The Ambassador in Italy (Phillips) to the Secretary of State
[Received February 17—6:05 p.m.]
34. An informazione diplomática communiqué this afternoon set forth the official views of the Italian Government regarding the meeting between Hitler and Schuschnigg and derides the international press comment with respect to the Italian attitude and considers that the Berchtesgaden meeting and the changes made in the Austrian Cabinet are the natural developments of relations between Germany and Austria on the basis of the agreement of July 11, 1936 which established the essential character of Austro-German relations through the explicit declaration of Austria that it was a German state and which was intended to prepare the way for an understanding between Austria and Germany founded upon realities.
The communiqué continues that “the Fascist Government has always considered and continues to consider that cordial relations and close collaboration between the two German states not only respond to the unalterable conditions of fact but to the essential interests of peace and tranquillity in Central Europe”.
This expression of the official Italian view was confirmed to me by Count Ciano today. While the Minister admitted that the inclusion of Seyss-Inquart, a strong pro-Nazi leader, in the Austrian Cabinet meant a pronounced increase of German influence in Austria he nevertheless felt that it was far better to have cooperation between the two Governments since any increase of Austrian opposition or [Page 401] hostility to Germany might of itself be an invitation to Hitler to take some drastic step. Ciano also told me that there would be very much closer cooperation between the German and Austrian Armies and that during the next year there would be an exchange of high ranking officers between the two armies.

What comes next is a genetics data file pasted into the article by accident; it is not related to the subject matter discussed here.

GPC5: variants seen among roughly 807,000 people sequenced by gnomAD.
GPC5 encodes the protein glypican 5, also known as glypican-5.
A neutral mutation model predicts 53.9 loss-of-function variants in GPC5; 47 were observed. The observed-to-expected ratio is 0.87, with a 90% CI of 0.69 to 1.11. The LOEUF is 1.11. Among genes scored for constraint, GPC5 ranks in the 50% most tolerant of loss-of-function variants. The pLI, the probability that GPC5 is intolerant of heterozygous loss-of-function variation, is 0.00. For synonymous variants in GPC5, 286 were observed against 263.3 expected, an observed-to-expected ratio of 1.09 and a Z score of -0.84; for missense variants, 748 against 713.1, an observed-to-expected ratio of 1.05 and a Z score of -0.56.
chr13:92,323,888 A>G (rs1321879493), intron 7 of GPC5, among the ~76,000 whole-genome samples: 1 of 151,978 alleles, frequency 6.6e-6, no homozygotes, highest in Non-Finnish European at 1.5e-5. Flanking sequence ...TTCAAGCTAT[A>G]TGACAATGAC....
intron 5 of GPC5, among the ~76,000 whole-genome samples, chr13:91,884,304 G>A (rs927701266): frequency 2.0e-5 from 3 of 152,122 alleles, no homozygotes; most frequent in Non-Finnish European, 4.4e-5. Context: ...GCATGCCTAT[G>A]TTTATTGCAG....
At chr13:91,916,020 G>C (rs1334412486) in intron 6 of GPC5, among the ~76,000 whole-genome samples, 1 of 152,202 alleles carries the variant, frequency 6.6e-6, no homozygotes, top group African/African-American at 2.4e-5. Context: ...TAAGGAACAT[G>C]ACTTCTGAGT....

The Austrian Minister here Berger-Waldenegg who, as the Department will recall, was formerly Austrian Minister for Foreign Affairs takes a somewhat optimistic attitude presumably representing the official Austrian interpretation. During a conversation with him today he expressed the view that the Berchtesgaden conversations had been beneficial and represented a fairly satisfactory compromise between the demands of Hitler and the views of Schuschnigg. Berger-Waldenegg regarded Seyss-Inquart as thoroughly loyal to Austria and not an out and out Nazi. He considered Hitler’s public reaffirmation of the agreement of July 11, 1936 a most useful accomplishment since Austrian Nazis had in the past refused to regard it seriously because it had been negotiated and signed by Neurath. They had used as their excuse for continuing to make trouble that Hitler had not been in sympathy with the agreement. Berger-Waldenegg added that the meeting had been carefully prepared in advance and that negotiations along this line had been going on for about 5 weeks during which the Italian Government had been kept fully informed.
I gain the impression that the Italian Government is not dissatisfied with the present arrangement since it recognizes the importance of the 1936 agreement in the maintenance of Austrian independence and therefore welcomes any development which might tend to strengthen the agreement and prevent the increase of Austrian hostility toward Germany. On the other hand the elements in this country which have been previously described as either hostile or indifferent to the Rome–Berlin Axis are concerned lest recent developments mean such a weakening of Austria as might encourage Hitler to take further steps.
Repeated to Vienna.